I started drawing with frequency when I was about five years old, usually around themes of space ships, Star Wars, Star Wars space ships, or the occasional World War II aerial dogfight (we watched a lot of this when I was growing up). Samples from each of those “themes” may appear indistinguishable to the untrained eye. 🙂 In high school I took some sketching classes and continued thereafter to sketch. About the time I was in college I tired of sketchy shades of gray, discovered watercolor markers, and began to abstract. Looking back on those now, I still think some of them are pretty good. After a hiatus of a few years when I did no art — I’d graduated, gotten a job and moved out into the “real world” — I decided that had been a stupid idea and began casting about for a new creative outlet. I noticed I was sitting in front of a computer a lot and finally decided just to use the tools at hand, which was mainly Microsoft Paint, yes — the one under Accessories in your Start menu, though it was called “Paintbrush” back then. After a few years of making art with my computer, I decided in 2008 that I really should try painting:
Yes, that is the tiny canvasboard that came with the acrylic starter kit — like I was going to paint “The Old Mill” — ppfffttt!!! This is the result of the first time I ever put brush to paint to canvas (there is a weird blue shape under what you see here, painted over). In this painting I was experimenting with gradations and highlights and dots (already!), in addition to painting in general. Depicted is the arrival and initial investigations of aliens at an interesting planet. The blue thing is an atmospheric probe being deployed. I think the silver and orange thing is part of the ship we (the aliens) are in. The red and yellow ring is an instrument representing the green rivers or fissures in false color.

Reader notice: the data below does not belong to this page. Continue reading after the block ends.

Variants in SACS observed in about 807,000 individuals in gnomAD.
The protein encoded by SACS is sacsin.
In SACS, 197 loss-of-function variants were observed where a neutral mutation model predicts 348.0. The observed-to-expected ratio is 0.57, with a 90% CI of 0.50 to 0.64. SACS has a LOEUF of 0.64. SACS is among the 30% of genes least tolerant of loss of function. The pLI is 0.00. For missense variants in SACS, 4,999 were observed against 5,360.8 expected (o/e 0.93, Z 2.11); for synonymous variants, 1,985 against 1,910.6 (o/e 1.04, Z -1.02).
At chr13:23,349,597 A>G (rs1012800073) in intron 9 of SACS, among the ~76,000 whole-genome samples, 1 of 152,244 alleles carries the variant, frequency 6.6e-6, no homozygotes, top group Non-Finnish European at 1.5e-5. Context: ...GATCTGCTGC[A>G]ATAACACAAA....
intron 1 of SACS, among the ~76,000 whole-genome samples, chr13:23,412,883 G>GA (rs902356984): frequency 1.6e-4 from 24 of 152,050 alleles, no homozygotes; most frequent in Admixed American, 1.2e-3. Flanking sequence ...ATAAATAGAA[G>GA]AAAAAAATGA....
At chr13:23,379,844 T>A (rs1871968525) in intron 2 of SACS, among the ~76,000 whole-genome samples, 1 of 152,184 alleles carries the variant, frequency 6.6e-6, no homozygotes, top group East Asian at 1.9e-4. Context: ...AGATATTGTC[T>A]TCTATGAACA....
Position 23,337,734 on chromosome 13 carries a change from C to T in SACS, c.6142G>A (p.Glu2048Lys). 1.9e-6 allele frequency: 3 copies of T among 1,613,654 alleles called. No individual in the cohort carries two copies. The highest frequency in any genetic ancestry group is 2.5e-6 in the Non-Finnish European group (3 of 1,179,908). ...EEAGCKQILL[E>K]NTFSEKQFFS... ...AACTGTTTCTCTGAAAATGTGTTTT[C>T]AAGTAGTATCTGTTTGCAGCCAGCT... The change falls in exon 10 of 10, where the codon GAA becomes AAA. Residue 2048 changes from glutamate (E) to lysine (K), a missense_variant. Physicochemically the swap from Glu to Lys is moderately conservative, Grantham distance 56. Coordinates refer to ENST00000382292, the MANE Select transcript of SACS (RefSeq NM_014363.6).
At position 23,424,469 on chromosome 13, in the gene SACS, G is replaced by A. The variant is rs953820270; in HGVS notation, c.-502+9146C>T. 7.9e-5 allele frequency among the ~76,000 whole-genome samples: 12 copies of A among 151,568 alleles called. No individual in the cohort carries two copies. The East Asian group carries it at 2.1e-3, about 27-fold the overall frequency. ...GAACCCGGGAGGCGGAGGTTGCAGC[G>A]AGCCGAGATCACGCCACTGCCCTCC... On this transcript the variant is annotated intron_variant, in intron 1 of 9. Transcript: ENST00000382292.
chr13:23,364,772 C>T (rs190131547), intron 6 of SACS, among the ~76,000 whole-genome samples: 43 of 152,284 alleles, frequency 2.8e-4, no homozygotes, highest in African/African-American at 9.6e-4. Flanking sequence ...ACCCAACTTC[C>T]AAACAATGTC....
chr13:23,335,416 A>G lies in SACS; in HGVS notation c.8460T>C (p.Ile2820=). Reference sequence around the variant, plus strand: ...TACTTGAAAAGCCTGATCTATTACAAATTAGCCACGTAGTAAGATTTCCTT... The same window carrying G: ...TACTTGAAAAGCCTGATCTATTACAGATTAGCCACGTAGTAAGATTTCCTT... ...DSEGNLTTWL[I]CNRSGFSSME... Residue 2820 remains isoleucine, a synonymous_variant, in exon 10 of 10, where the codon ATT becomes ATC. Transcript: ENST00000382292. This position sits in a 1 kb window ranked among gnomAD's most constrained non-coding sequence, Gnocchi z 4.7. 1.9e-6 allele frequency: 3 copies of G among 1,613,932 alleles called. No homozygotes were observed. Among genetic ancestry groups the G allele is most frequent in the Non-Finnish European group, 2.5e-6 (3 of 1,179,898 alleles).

The next few things I tried to paint were false starts. One failed so hard it became the canvas I use to try things out on. This is noted at right as the one painting ‘abandoned with harsh words’.
My next successful painting was two and a half years later in June 2010, inspired again by a trip to the Indianapolis Museum of Art:
Here I’m playing with the division of space and experimenting with the palette knife. It’s called “Order and Chaos”. ‘Order’ is the very ruly and sedate blues and gold around the outside, and ‘Chaos’ is the bright, exciting colors in the yellow field. Like teenagers to authority figures, chaos mocks order, and yet is nonetheless contained and restrained by it.
Then I did this one, and finally decided I should take a class about this painting stuff. Just messing around with it on my own, I had missed a few key points about how to work with the media that made it pretty frustrating. Oh, like using water. But that is a subject for another post…